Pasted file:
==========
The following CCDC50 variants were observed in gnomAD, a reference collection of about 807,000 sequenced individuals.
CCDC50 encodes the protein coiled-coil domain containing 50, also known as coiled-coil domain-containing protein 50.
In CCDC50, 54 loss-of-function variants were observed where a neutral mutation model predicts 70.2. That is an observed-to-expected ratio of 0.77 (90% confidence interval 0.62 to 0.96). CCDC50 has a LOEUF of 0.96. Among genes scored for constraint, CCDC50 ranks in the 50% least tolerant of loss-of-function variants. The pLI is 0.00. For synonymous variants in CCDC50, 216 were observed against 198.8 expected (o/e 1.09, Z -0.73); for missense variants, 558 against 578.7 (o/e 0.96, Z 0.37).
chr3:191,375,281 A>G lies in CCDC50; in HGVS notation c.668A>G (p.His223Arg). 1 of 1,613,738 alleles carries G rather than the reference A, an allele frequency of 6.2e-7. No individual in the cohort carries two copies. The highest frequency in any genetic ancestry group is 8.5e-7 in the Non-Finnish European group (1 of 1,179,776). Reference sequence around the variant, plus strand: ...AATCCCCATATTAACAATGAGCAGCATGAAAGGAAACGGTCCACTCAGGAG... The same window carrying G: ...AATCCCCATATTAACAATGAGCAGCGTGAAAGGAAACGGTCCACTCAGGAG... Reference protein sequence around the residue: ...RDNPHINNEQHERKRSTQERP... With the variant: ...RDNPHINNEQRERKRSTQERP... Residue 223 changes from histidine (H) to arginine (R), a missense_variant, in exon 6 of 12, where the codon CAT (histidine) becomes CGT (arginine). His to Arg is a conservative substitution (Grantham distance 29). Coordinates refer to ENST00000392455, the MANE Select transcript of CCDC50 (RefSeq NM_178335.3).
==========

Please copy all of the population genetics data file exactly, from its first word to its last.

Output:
The following CCDC50 variants were observed in gnomAD, a reference collection of about 807,000 sequenced individuals.
CCDC50 encodes the protein coiled-coil domain containing 50, also known as coiled-coil domain-containing protein 50.
In CCDC50, 54 loss-of-function variants were observed where a neutral mutation model predicts 70.2. That is an observed-to-expected ratio of 0.77 (90% confidence interval 0.62 to 0.96). CCDC50 has a LOEUF of 0.96. Among genes scored for constraint, CCDC50 ranks in the 50% least tolerant of loss-of-function variants. The pLI is 0.00. For synonymous variants in CCDC50, 216 were observed against 198.8 expected (o/e 1.09, Z -0.73); for missense variants, 558 against 578.7 (o/e 0.96, Z 0.37).
chr3:191,375,281 A>G lies in CCDC50; in HGVS notation c.668A>G (p.His223Arg). 1 of 1,613,738 alleles carries G rather than the reference A, an allele frequency of 6.2e-7. No individual in the cohort carries two copies. The highest frequency in any genetic ancestry group is 8.5e-7 in the Non-Finnish European group (1 of 1,179,776). Reference sequence around the variant, plus strand: ...AATCCCCATATTAACAATGAGCAGCATGAAAGGAAACGGTCCACTCAGGAG... The same window carrying G: ...AATCCCCATATTAACAATGAGCAGCGTGAAAGGAAACGGTCCACTCAGGAG... Reference protein sequence around the residue: ...RDNPHINNEQHERKRSTQERP... With the variant: ...RDNPHINNEQRERKRSTQERP... Residue 223 changes from histidine (H) to arginine (R), a missense_variant, in exon 6 of 12, where the codon CAT (histidine) becomes CGT (arginine). His to Arg is a conservative substitution (Grantham distance 29). Coordinates refer to ENST00000392455, the MANE Select transcript of CCDC50 (RefSeq NM_178335.3).